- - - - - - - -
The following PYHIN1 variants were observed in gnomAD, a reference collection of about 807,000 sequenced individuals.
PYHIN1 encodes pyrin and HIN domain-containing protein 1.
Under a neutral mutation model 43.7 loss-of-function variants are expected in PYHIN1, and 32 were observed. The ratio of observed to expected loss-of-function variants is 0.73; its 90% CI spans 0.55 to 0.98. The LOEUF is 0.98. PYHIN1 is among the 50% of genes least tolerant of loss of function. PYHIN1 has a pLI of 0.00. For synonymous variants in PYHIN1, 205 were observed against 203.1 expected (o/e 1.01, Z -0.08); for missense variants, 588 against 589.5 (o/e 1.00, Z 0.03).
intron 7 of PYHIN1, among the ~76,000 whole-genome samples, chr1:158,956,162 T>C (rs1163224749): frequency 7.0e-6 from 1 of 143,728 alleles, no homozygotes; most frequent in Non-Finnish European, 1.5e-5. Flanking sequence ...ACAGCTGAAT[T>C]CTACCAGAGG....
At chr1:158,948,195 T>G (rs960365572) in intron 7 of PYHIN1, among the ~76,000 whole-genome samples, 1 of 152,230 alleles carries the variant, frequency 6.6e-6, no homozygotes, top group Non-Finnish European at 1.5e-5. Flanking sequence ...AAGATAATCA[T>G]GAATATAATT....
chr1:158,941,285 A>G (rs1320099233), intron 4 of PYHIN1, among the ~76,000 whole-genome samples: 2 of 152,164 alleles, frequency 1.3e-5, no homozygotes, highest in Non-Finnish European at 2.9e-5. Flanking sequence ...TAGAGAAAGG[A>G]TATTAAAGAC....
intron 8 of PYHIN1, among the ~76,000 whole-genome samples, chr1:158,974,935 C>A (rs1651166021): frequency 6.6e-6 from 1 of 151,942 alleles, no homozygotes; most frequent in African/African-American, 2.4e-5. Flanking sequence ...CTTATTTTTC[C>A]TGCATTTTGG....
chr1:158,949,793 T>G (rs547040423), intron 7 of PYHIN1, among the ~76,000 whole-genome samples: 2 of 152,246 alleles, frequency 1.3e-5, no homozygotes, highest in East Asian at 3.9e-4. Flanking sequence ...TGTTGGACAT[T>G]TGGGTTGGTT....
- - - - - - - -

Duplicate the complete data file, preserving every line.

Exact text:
The following PYHIN1 variants were observed in gnomAD, a reference collection of about 807,000 sequenced individuals.
PYHIN1 encodes pyrin and HIN domain-containing protein 1.
Under a neutral mutation model 43.7 loss-of-function variants are expected in PYHIN1, and 32 were observed. The ratio of observed to expected loss-of-function variants is 0.73; its 90% CI spans 0.55 to 0.98. The LOEUF is 0.98. PYHIN1 is among the 50% of genes least tolerant of loss of function. PYHIN1 has a pLI of 0.00. For synonymous variants in PYHIN1, 205 were observed against 203.1 expected (o/e 1.01, Z -0.08); for missense variants, 588 against 589.5 (o/e 1.00, Z 0.03).
intron 7 of PYHIN1, among the ~76,000 whole-genome samples, chr1:158,956,162 T>C (rs1163224749): frequency 7.0e-6 from 1 of 143,728 alleles, no homozygotes; most frequent in Non-Finnish European, 1.5e-5. Flanking sequence ...ACAGCTGAAT[T>C]CTACCAGAGG....
At chr1:158,948,195 T>G (rs960365572) in intron 7 of PYHIN1, among the ~76,000 whole-genome samples, 1 of 152,230 alleles carries the variant, frequency 6.6e-6, no homozygotes, top group Non-Finnish European at 1.5e-5. Flanking sequence ...AAGATAATCA[T>G]GAATATAATT....
chr1:158,941,285 A>G (rs1320099233), intron 4 of PYHIN1, among the ~76,000 whole-genome samples: 2 of 152,164 alleles, frequency 1.3e-5, no homozygotes, highest in Non-Finnish European at 2.9e-5. Flanking sequence ...TAGAGAAAGG[A>G]TATTAAAGAC....
intron 8 of PYHIN1, among the ~76,000 whole-genome samples, chr1:158,974,935 C>A (rs1651166021): frequency 6.6e-6 from 1 of 151,942 alleles, no homozygotes; most frequent in African/African-American, 2.4e-5. Flanking sequence ...CTTATTTTTC[C>A]TGCATTTTGG....
chr1:158,949,793 T>G (rs547040423), intron 7 of PYHIN1, among the ~76,000 whole-genome samples: 2 of 152,246 alleles, frequency 1.3e-5, no homozygotes, highest in East Asian at 3.9e-4. Flanking sequence ...TGTTGGACAT[T>G]TGGGTTGGTT....